The icon indicates free access to the linked research on JSTOR.

How important is a President’s health? Should the public know all? Considering we now also scrutinize Presidential candidates with the kind of intensity no ordinary citizen would stand for, let’s look into the history. Some of it may explain the national obsession with the Presidential temperature.

JSTOR Daily Membership AdJSTOR Daily Membership Ad

William Henry Harrison, 68 years old when he took office in 1841, was dead of pneumonia on his 32nd day in office. In 1919, Woodrow Wilson suffered a debilitating stroke and was in seclusion for the remaining year and a half of his presidency while his wife Edith ran interference; a grumbling Republican Senator called her the “Presidentress.” The extent of FDR‘s paralysis was skillfully hidden, and his poor health during the 1944 election completely covered up: he died three months after his fourth inauguration.

JFK famously projected an image of Kennedy-family “vigah,” but that it was all advertising: he was held together by prescription drugs and sheer willpower. LBJ showed his gall bladder operation scar at a press conference, and a cartoonist promptly drew it in the shape of Vietnam. Nixon’s paranoia only increased during his drinking bouts. Reagan’s growing dementia in office was only revealed after his death.

But the most remarkable presidential health cover-up in history must to be Grover Cleveland’s. In 1893, just after beginning his second, non-consecutive term, Cleveland discovered a bump on the roof of his mouth. When it turned out to be a tumor, he and his medical team sneaked off for what was supposed to be a four-day boating vacation. The secret surgery took place on a yacht in the middle of Long Island Sound because he thought the knowledge of his condition would send Wall Street into a panic.

The doctors went in through Cleveland’s mouth so as not to leave a visible scar and leave his famous mustache intact. The surgery was a success, the recovery somewhat rockier. Cleveland recuperated at his home on Cape Cod, supposedly suffering from an attack of rheumatism. An enterprising reporter broke the truth not long afterwards, but his story was successfully suppressed and he was fired. The full story would not emerge until 1917.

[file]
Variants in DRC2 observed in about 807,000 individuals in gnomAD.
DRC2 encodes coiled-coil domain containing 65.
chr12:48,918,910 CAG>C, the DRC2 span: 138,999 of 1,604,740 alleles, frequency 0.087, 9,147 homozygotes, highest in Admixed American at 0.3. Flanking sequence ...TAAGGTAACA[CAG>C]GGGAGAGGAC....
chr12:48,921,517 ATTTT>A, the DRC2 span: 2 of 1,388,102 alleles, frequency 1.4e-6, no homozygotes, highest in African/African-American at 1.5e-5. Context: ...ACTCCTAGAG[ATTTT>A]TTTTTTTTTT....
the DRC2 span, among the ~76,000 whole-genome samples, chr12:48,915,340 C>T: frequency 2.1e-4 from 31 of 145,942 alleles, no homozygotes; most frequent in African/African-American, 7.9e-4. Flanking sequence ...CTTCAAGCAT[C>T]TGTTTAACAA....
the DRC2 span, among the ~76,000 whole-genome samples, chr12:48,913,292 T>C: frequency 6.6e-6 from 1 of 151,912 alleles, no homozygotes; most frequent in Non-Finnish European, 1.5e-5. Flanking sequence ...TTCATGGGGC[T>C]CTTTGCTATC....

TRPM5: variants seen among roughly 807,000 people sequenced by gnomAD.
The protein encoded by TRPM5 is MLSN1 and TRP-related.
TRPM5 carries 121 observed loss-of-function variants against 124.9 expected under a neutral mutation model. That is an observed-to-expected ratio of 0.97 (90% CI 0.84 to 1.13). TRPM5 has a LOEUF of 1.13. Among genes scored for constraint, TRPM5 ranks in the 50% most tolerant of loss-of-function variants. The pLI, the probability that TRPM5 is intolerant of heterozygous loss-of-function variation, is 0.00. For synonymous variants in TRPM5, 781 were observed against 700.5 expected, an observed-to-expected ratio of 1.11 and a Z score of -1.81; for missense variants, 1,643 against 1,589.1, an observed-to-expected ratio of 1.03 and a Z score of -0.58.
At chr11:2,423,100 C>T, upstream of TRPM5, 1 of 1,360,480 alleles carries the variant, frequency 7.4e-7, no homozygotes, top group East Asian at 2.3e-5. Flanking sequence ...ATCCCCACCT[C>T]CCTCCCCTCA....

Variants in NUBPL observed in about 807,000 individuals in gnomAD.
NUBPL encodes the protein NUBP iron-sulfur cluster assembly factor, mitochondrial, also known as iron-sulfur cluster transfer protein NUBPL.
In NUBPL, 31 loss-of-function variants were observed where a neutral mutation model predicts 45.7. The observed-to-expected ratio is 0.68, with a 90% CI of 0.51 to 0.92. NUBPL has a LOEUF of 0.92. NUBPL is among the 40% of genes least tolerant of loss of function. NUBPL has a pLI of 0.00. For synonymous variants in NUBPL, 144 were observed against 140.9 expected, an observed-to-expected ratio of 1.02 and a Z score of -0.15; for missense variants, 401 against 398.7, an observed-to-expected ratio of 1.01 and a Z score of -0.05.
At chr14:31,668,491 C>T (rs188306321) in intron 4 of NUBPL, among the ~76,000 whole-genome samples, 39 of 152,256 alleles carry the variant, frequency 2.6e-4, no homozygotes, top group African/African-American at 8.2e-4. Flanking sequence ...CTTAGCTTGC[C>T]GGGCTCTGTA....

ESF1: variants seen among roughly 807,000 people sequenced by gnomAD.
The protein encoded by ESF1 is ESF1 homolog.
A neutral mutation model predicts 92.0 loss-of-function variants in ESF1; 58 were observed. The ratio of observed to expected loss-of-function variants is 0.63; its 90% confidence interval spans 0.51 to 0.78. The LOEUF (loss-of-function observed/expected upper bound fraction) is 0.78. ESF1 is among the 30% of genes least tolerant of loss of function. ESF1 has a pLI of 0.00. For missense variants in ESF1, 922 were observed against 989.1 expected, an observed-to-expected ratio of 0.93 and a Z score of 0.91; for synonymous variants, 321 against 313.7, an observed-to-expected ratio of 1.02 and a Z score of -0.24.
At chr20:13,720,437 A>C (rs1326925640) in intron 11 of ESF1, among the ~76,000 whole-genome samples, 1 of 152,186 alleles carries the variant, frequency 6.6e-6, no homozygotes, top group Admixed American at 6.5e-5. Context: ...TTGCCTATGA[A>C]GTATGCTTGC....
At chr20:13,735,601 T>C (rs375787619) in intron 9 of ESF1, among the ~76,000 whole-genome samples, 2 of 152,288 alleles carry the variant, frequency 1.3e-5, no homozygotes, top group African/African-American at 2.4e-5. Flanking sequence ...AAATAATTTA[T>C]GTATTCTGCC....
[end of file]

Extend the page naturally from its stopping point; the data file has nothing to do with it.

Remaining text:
Nothing to see here, folks, move along? According to Leonard Schlup, Cleveland even refused to tell his Vice-President, Adlai Ewing Stevenson, about the surgery. Stevenson, who was grandfather to 1950s presidential candidate Adlai Stevenson II, “was ‘near President’ without ever learning the events that could have catapulted him into power.” Schlup faults Cleveland for “principles that were inconsistent with the national interest” in keeping his VP in the dark and out of power, a fate that also befell both Garfield’s and Wilson’s vice presidents. (There was no systematic framework for a temporary or permanent transfer of power from President to Vice President due to disability or incapacitation until the 25th amendment to the Constitution in 1967.)

Meanwhile, Cleveland’s tumor remains in the collection of the Mütter Museum of medical history in Philadelphia, brooding in a glass jar, the last bodily remains of the 22nd and 24th President.


JSTOR is a digital library for scholars, researchers, and students. JSTOR Daily readers can access the original research behind our articles for free on JSTOR.

Presidential Studies Quarterly, Vol. 9, No. 3, The Essence of Leadership (Summer, 1979), pp. 303-310
Wiley on behalf of the Center for the Study of the Presidency and Congress